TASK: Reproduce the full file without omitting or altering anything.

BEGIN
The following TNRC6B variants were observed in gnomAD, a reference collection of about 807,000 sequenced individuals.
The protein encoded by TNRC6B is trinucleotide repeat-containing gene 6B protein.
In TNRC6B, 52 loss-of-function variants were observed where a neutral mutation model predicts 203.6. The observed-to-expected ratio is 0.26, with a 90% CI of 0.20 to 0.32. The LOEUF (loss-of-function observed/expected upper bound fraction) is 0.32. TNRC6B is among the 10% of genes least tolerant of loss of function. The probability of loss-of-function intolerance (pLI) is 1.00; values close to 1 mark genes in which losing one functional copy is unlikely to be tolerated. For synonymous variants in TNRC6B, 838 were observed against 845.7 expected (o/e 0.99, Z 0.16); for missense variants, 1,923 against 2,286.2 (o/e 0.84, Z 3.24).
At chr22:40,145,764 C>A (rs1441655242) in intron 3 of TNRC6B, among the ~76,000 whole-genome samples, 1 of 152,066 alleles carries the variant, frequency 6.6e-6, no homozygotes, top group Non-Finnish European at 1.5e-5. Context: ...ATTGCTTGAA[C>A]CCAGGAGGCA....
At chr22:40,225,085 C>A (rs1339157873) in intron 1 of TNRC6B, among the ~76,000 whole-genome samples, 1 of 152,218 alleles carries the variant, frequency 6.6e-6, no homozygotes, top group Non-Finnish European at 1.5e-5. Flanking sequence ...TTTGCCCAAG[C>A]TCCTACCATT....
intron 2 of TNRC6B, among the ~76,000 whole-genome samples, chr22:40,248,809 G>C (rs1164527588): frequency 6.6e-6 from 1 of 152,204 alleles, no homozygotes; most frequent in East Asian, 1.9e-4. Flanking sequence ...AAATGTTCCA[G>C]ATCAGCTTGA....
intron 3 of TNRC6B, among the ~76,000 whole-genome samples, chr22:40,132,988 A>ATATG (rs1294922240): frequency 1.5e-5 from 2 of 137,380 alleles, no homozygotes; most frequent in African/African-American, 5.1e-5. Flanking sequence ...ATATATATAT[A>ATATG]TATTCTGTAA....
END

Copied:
The following TNRC6B variants were observed in gnomAD, a reference collection of about 807,000 sequenced individuals.
The protein encoded by TNRC6B is trinucleotide repeat-containing gene 6B protein.
In TNRC6B, 52 loss-of-function variants were observed where a neutral mutation model predicts 203.6. The observed-to-expected ratio is 0.26, with a 90% CI of 0.20 to 0.32. The LOEUF (loss-of-function observed/expected upper bound fraction) is 0.32. TNRC6B is among the 10% of genes least tolerant of loss of function. The probability of loss-of-function intolerance (pLI) is 1.00; values close to 1 mark genes in which losing one functional copy is unlikely to be tolerated. For synonymous variants in TNRC6B, 838 were observed against 845.7 expected (o/e 0.99, Z 0.16); for missense variants, 1,923 against 2,286.2 (o/e 0.84, Z 3.24).
At chr22:40,145,764 C>A (rs1441655242) in intron 3 of TNRC6B, among the ~76,000 whole-genome samples, 1 of 152,066 alleles carries the variant, frequency 6.6e-6, no homozygotes, top group Non-Finnish European at 1.5e-5. Context: ...ATTGCTTGAA[C>A]CCAGGAGGCA....
At chr22:40,225,085 C>A (rs1339157873) in intron 1 of TNRC6B, among the ~76,000 whole-genome samples, 1 of 152,218 alleles carries the variant, frequency 6.6e-6, no homozygotes, top group Non-Finnish European at 1.5e-5. Flanking sequence ...TTTGCCCAAG[C>A]TCCTACCATT....
intron 2 of TNRC6B, among the ~76,000 whole-genome samples, chr22:40,248,809 G>C (rs1164527588): frequency 6.6e-6 from 1 of 152,204 alleles, no homozygotes; most frequent in East Asian, 1.9e-4. Flanking sequence ...AAATGTTCCA[G>C]ATCAGCTTGA....
intron 3 of TNRC6B, among the ~76,000 whole-genome samples, chr22:40,132,988 A>ATATG (rs1294922240): frequency 1.5e-5 from 2 of 137,380 alleles, no homozygotes; most frequent in African/African-American, 5.1e-5. Flanking sequence ...ATATATATAT[A>ATATG]TATTCTGTAA....